Addressing Thursday’s daily press conference about Macau’s novel coronavirus (COVID-19) situation, Wong Kin Mou, who heads the Educational Resources Department of the Education and Youth Affairs Bureau (DSEJ), announced that the provisional schedule for the phased resumption of school classes in Macau announced by his bureau last week will be postponed due to the latest COVID-19 developments in Macau – having confirmed seven imported COVID-19 cases since Sunday.
The increase in imported cases of the highly infectious disease in the Chinese mainland, Hong Kong, Macau and elsewhere has been described by analysts as the “second wave” of the potentially fatal illness.
Wong pledged that his bureau will continue to closely monitor any changes in the epidemic in Macau before announcing a new schedule for class resumption.
The Education and Youth Affairs Bureau announced last week its provisional schedule for the phased resumption of classes in local schools, according to which Macau’s schools were to gradually reopen from April 13. According to the provisional schedule, Form 4 to Form 6 pupils were to return to school on April 13. However, Form 6 pupils preparing for their university admission exams could return to school on March 30. Form 1 to Form 3 pupils were slated to return to school on April 20. Primary 4 to Primary 6 pupils were scheduled to return to school on April 27, while Primary 1 to Primary 3 pupils as well as special needs education and kindergarten pupils were to return to school on May 4, according to the provisional schedule announced last week.
The Higher Education Bureau (DSES) announced earlier this week that six of the city’s 10 tertiary education institutions would gradually resume on-campus classes on April 1: the Macau Polytechnic Institute (IPM), Macau Institute for Tourism Studies (IFTM), Macau Public Security Forces Academy (ESFSM), University of Saint Joseph (USJ), Kiang Wu Nursing College of Macau (KWNC), and Macau Institute of Management (MIM).
No date has yet been set for when the city’s day nurseries will reopen.
Macau’s primary, secondary and tertiary education institutions as well as kindergartens and day nurseries have been closed since the Chinese New Year holiday in late January in response to the COVID-19 epidemic.
Local schools, universities and colleges have been conducting online learning sessions for their pupils and students since last month.
After having not confirmed a new COVID-19 case for 39 consecutive days between February 5 and March 14, Macau confirmed a new case on Sunday, followed by six more cases over the next few days. All the seven new cases, which were confirmed between Sunday night and the early hours of yesterday, have been classified as imported cases. The seven patients comprise a visitor, two local students enrolled in the UK returning from there, two non-resident workers, and two family members of a non-resident worker – including an 11-year-old boy.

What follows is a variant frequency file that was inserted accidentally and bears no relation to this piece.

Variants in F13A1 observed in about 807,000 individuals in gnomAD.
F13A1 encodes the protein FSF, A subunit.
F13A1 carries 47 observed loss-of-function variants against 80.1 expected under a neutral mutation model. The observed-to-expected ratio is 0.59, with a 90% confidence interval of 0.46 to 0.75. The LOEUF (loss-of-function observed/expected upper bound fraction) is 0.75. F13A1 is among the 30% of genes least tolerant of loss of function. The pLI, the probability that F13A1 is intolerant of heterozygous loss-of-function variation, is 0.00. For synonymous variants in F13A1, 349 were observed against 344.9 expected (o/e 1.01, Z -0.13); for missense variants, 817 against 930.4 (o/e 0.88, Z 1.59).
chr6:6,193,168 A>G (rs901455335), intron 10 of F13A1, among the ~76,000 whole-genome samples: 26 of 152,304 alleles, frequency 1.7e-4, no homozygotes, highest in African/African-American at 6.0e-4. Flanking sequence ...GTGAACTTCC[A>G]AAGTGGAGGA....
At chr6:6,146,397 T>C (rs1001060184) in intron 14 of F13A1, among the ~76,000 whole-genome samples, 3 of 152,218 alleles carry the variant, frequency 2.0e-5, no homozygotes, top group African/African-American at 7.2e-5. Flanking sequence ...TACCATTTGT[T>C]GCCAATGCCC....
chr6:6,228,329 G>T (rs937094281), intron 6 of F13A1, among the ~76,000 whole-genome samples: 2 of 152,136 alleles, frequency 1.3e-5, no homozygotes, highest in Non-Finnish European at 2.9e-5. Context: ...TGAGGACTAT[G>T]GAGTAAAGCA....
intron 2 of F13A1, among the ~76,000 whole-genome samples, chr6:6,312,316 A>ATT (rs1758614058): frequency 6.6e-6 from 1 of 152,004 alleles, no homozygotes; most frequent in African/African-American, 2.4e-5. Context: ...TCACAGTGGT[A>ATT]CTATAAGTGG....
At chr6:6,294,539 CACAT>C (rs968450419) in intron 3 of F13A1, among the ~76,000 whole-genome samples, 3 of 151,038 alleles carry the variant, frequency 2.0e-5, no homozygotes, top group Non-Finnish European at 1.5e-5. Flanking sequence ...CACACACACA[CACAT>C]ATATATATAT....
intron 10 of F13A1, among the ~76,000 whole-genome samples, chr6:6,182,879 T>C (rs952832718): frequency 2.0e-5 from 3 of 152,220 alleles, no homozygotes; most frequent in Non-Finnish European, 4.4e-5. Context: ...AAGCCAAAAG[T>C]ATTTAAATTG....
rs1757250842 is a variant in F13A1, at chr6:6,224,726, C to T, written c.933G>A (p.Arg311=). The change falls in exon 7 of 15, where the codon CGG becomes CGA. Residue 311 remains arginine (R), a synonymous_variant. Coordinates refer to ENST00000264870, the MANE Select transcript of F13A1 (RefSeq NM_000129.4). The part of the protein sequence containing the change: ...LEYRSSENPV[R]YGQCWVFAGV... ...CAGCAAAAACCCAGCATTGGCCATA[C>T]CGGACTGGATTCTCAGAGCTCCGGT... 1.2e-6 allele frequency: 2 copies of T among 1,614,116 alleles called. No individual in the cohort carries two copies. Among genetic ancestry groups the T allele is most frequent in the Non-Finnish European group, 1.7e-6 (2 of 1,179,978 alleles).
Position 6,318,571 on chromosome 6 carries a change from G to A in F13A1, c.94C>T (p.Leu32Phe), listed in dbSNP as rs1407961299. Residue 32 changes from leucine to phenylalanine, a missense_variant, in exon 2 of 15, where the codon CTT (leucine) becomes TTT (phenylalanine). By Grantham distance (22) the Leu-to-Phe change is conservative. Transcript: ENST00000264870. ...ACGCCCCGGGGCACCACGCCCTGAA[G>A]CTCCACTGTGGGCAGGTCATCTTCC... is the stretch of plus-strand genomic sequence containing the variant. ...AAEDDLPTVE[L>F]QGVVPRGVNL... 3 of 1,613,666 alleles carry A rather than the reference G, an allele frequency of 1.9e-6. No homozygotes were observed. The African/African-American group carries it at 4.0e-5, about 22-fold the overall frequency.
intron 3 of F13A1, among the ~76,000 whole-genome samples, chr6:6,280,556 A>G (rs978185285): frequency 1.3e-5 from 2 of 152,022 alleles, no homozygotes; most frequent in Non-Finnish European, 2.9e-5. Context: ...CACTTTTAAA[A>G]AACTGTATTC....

Including the seven new cases, Macau has confirmed 17 COVID-19 cases since January 22, when the first case – a tourist from Wuhan – was diagnosed. Macau’s previous last two COVID-19 cases, the 9th and 10th cases, were confirmed on February 4. All of the previous 10 COVID-19 patients – seven tourists from Wuhan and three locals – have been discharged from hospital, with the last one – a 64-year-old local woman – discharged on March 6.
During Thursday’s press conference at the Health Bureau (SSM) adjacent to the public Conde de São Januário Hospital, Wong said that due to the latest changes in the epidemic situation in Macau, his bureau had decided to postpone the provisional schedule for the phased resumption of classes in local schools announced by his bureau last week, after consulting the Health Bureau and assessing the possible adverse impact on Macau’s epidemic from the newly imported COVID-19 cases and Macau people’s ongoing return from overseas.
When asked by the media about a possible new schedule for class resumption, Wong underlined that his bureau previously announced its provisional schedule for class resumption after the epidemic in Macau and its neighbouring cities – namely Zhuhai and Zhongshan – had eased so as to enable pupils, parents and teachers to be prepared in advance. However, after Macau had confirmed the seven imported COVID-19 cases over the past few days, his bureau had, according to Wong, no choice but to postpone its class resumption schedule, after assessing the possible adverse impact on pupils resulting from the new epidemic situation in Macau.
Wong said that the possible spread of infectious diseases was unpredictable so that his bureau could now only continue to closely monitor the changes in the epidemic in and outside Macau before deciding on a new schedule for class resumption.
Wong noted that Macau’s basic education comprises 15 years – from K1 to F6 – so that pupils could always catch up on their lessons later throughout their school life, urging schools not to rush following the class resumption.
(The Macau Post Daily/Macau News)
PHOTO © Macau Daily Times